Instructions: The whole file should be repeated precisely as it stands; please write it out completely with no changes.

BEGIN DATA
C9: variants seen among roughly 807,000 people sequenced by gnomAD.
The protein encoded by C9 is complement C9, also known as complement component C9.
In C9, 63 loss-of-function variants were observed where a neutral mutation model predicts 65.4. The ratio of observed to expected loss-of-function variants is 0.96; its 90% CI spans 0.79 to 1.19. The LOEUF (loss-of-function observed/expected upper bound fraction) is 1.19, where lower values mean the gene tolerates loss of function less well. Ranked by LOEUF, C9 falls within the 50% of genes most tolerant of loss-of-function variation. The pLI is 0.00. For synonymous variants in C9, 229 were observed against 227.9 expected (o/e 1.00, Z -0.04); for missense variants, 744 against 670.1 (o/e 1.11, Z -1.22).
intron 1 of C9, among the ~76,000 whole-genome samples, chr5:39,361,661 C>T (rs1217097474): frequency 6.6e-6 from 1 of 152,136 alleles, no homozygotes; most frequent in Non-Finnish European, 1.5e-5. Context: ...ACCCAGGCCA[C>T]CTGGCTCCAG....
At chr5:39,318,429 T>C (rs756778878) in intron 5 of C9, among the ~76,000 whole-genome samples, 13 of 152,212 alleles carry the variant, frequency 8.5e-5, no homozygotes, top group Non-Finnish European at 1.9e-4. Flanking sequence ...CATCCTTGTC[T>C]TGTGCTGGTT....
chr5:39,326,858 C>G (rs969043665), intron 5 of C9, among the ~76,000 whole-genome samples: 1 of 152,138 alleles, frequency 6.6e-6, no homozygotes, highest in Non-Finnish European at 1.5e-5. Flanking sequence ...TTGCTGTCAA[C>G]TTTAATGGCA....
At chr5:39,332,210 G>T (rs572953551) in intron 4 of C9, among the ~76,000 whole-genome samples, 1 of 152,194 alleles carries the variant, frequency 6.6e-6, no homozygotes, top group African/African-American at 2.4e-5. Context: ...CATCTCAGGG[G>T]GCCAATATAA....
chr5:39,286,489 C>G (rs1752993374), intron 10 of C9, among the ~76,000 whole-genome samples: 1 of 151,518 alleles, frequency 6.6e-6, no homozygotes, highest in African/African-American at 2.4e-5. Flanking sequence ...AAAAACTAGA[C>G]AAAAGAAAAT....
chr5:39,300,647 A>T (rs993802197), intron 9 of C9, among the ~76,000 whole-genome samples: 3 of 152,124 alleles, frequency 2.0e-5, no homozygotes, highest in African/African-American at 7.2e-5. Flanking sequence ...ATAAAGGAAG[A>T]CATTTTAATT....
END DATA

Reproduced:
C9: variants seen among roughly 807,000 people sequenced by gnomAD.
The protein encoded by C9 is complement C9, also known as complement component C9.
In C9, 63 loss-of-function variants were observed where a neutral mutation model predicts 65.4. The ratio of observed to expected loss-of-function variants is 0.96; its 90% CI spans 0.79 to 1.19. The LOEUF (loss-of-function observed/expected upper bound fraction) is 1.19, where lower values mean the gene tolerates loss of function less well. Ranked by LOEUF, C9 falls within the 50% of genes most tolerant of loss-of-function variation. The pLI is 0.00. For synonymous variants in C9, 229 were observed against 227.9 expected (o/e 1.00, Z -0.04); for missense variants, 744 against 670.1 (o/e 1.11, Z -1.22).
intron 1 of C9, among the ~76,000 whole-genome samples, chr5:39,361,661 C>T (rs1217097474): frequency 6.6e-6 from 1 of 152,136 alleles, no homozygotes; most frequent in Non-Finnish European, 1.5e-5. Context: ...ACCCAGGCCA[C>T]CTGGCTCCAG....
At chr5:39,318,429 T>C (rs756778878) in intron 5 of C9, among the ~76,000 whole-genome samples, 13 of 152,212 alleles carry the variant, frequency 8.5e-5, no homozygotes, top group Non-Finnish European at 1.9e-4. Flanking sequence ...CATCCTTGTC[T>C]TGTGCTGGTT....
chr5:39,326,858 C>G (rs969043665), intron 5 of C9, among the ~76,000 whole-genome samples: 1 of 152,138 alleles, frequency 6.6e-6, no homozygotes, highest in Non-Finnish European at 1.5e-5. Flanking sequence ...TTGCTGTCAA[C>G]TTTAATGGCA....
At chr5:39,332,210 G>T (rs572953551) in intron 4 of C9, among the ~76,000 whole-genome samples, 1 of 152,194 alleles carries the variant, frequency 6.6e-6, no homozygotes, top group African/African-American at 2.4e-5. Context: ...CATCTCAGGG[G>T]GCCAATATAA....
chr5:39,286,489 C>G (rs1752993374), intron 10 of C9, among the ~76,000 whole-genome samples: 1 of 151,518 alleles, frequency 6.6e-6, no homozygotes, highest in African/African-American at 2.4e-5. Flanking sequence ...AAAAACTAGA[C>G]AAAAGAAAAT....
chr5:39,300,647 A>T (rs993802197), intron 9 of C9, among the ~76,000 whole-genome samples: 3 of 152,124 alleles, frequency 2.0e-5, no homozygotes, highest in African/African-American at 7.2e-5. Flanking sequence ...ATAAAGGAAG[A>T]CATTTTAATT....